She was always generous—whatever she had was yours. But when she struck it rich and started bestowing things like houses, suddenly things got complicated.
My whole life I've been an over-giver. My general operating policy has always been, "If it belongs to me, don't worry: You can have it!" Over the years, I have over-given with my money, my stuff, my opinions, my time, my body, ("I know we've only just met, but of course we can make out in your cousin's car!") You name it, I have given it forth. I am especially over-giving toward people I just met yesterday afternoon at the gas station.
Now, over-giving is not quite the same thing as generosity. Generosity is neither entangling nor aggressive, because the generous person doesn't expect anything in return. The over-giver doesn't expect anything in return either—except to be petted and feted and praised and loved unconditionally for the rest of time (and I was)—so that's not emotionally loaded. Nothing toxic there!
For most of my life, my over-giving problem was relatively contained, limited by my own resources. But then a few years ago I wrote this book called Eat Pray Love, which sold about a bajillion copies, thus transforming me overnight into a wealthy woman, and presenting me with the amazing newfound opportunity to not merely over-give but to over-over-give. Oh, bliss! I was like an alcoholic locked in a distillery—what wonderful and terrible luck!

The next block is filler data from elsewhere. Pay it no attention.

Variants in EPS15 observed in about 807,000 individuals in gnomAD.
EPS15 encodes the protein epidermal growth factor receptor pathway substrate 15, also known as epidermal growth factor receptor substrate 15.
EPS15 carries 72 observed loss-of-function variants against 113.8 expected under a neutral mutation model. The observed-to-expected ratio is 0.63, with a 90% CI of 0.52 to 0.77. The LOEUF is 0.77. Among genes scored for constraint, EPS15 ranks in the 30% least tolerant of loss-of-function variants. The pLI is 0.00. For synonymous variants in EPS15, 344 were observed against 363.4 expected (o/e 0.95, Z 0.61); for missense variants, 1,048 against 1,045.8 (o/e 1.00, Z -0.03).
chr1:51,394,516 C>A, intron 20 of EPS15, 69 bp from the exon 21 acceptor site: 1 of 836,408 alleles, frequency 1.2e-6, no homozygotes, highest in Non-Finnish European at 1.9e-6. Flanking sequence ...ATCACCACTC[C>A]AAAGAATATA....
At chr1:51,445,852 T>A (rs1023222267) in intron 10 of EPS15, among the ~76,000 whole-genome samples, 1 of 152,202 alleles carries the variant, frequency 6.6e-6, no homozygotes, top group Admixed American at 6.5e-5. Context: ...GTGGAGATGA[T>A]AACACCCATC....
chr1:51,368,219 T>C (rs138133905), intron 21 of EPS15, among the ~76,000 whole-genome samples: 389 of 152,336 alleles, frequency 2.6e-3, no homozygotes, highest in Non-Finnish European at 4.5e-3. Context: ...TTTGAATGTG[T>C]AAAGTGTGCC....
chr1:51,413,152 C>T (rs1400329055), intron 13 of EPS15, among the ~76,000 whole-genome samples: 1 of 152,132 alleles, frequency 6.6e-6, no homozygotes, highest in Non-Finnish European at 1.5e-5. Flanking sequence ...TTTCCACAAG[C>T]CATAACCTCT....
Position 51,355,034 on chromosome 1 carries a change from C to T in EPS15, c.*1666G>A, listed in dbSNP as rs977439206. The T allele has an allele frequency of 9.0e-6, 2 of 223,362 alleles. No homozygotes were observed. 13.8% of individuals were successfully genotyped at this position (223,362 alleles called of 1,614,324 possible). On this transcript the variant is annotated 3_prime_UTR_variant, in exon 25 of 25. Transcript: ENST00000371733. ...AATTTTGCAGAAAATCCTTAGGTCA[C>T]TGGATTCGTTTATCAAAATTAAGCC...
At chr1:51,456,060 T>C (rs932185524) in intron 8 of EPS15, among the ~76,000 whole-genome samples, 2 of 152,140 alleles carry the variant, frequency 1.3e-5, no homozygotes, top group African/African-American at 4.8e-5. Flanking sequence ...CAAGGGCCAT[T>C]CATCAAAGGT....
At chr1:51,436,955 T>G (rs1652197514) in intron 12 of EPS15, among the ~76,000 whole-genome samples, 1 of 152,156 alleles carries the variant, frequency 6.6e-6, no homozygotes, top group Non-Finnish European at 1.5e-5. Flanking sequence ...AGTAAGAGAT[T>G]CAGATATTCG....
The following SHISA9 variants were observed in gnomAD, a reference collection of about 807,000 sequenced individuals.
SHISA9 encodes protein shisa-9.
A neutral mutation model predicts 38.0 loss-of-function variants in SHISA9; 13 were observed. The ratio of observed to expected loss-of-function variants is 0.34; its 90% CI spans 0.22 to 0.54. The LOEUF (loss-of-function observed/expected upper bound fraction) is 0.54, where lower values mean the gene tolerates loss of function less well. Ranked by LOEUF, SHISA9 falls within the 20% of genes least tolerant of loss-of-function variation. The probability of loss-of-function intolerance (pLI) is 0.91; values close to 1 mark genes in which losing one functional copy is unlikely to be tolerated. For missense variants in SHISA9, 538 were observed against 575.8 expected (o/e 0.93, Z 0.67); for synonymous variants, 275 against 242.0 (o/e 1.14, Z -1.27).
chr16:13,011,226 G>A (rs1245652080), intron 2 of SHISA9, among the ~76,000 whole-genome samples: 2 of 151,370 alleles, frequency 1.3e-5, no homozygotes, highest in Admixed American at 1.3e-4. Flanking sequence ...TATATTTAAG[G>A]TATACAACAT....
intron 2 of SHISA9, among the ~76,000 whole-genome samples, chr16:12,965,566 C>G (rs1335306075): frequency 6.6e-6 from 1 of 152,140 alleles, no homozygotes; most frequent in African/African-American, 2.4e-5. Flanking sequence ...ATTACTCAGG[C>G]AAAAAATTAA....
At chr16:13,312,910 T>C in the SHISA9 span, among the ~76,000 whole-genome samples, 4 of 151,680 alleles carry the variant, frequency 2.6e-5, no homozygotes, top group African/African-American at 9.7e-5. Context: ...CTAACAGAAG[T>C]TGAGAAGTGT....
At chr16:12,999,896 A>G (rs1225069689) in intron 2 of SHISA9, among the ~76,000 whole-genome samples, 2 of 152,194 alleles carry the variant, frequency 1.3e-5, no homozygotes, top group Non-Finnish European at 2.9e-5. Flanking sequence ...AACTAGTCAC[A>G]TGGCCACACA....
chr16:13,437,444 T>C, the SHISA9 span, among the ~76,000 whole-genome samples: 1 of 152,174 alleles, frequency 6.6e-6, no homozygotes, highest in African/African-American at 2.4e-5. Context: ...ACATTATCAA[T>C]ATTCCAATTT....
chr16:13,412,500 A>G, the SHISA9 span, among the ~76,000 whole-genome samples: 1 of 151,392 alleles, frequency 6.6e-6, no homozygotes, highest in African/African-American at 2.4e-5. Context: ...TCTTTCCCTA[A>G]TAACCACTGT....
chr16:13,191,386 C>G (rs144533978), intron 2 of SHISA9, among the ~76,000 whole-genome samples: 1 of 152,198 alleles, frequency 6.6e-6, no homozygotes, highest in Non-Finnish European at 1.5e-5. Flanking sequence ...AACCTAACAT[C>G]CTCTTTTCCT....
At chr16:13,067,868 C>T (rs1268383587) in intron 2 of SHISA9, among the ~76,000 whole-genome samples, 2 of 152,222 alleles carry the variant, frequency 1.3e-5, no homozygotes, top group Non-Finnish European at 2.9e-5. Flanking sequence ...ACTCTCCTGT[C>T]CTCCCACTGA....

So of course I went on a full-octane over-giving bender. I gave to some charities and good causes, but mostly I gave heaps of money to people I knew and loved. I paid off my friends' credit card bills, caught them up on their mortgages, financed their dream projects, bought them plane tickets, tuition, therapy, gym memberships, vehicles. Sometimes (well, twice), I even bought them houses.
A neighbor dubbed my munificence "hip-hop charity"—because it reminded him of the way rap stars get rich and then buy Mercedes-Benzes for everyone back in the hood—but sharing money with my intimates felt so much more satisfying than sending off checks to some distant organization: I could see (and feel!) the gratitude so personally; it was a drug-like pleasure. Also, my giving bonanza went a long way toward leveling off the apparent karmic imbalance of my own crazy success—an imbalance that had left me feeling profoundly uncomfortable. (Why had I struck it rich while peers of equal or greater talent still struggled? Why not spread the good fortune around willy-nilly?) Finally, it was joyful and empowering: I was a dream-facilitator, an obstacle-banisher, a life-transformer! In short: Giving away money to my friends was so much goddamn fun!
Until suddenly it wasn't.
Until suddenly I didn't have some of those friends anymore.